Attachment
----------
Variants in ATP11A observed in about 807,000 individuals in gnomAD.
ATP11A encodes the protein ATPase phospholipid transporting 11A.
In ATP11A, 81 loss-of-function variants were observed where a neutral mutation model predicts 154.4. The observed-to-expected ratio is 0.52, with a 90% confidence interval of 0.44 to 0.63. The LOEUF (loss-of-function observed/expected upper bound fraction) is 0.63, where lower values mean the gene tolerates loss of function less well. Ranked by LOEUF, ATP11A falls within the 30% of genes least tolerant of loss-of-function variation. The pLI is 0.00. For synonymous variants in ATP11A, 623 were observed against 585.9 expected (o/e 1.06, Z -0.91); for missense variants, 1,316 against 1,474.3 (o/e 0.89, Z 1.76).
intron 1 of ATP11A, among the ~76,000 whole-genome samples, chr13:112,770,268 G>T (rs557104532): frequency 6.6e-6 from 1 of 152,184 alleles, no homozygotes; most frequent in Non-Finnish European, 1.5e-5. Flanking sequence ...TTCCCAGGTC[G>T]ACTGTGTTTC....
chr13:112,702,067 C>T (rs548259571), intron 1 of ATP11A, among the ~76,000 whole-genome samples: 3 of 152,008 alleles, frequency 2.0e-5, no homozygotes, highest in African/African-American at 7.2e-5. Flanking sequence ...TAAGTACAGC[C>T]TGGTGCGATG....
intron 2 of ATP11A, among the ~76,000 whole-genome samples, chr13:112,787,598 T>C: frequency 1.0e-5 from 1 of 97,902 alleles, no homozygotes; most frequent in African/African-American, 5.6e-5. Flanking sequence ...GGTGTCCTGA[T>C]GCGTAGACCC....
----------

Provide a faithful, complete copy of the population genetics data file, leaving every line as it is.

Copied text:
Variants in ATP11A observed in about 807,000 individuals in gnomAD.
ATP11A encodes the protein ATPase phospholipid transporting 11A.
In ATP11A, 81 loss-of-function variants were observed where a neutral mutation model predicts 154.4. The observed-to-expected ratio is 0.52, with a 90% confidence interval of 0.44 to 0.63. The LOEUF (loss-of-function observed/expected upper bound fraction) is 0.63, where lower values mean the gene tolerates loss of function less well. Ranked by LOEUF, ATP11A falls within the 30% of genes least tolerant of loss-of-function variation. The pLI is 0.00. For synonymous variants in ATP11A, 623 were observed against 585.9 expected (o/e 1.06, Z -0.91); for missense variants, 1,316 against 1,474.3 (o/e 0.89, Z 1.76).
intron 1 of ATP11A, among the ~76,000 whole-genome samples, chr13:112,770,268 G>T (rs557104532): frequency 6.6e-6 from 1 of 152,184 alleles, no homozygotes; most frequent in Non-Finnish European, 1.5e-5. Flanking sequence ...TTCCCAGGTC[G>T]ACTGTGTTTC....
chr13:112,702,067 C>T (rs548259571), intron 1 of ATP11A, among the ~76,000 whole-genome samples: 3 of 152,008 alleles, frequency 2.0e-5, no homozygotes, highest in African/African-American at 7.2e-5. Flanking sequence ...TAAGTACAGC[C>T]TGGTGCGATG....
intron 2 of ATP11A, among the ~76,000 whole-genome samples, chr13:112,787,598 T>C: frequency 1.0e-5 from 1 of 97,902 alleles, no homozygotes; most frequent in African/African-American, 5.6e-5. Flanking sequence ...GGTGTCCTGA[T>C]GCGTAGACCC....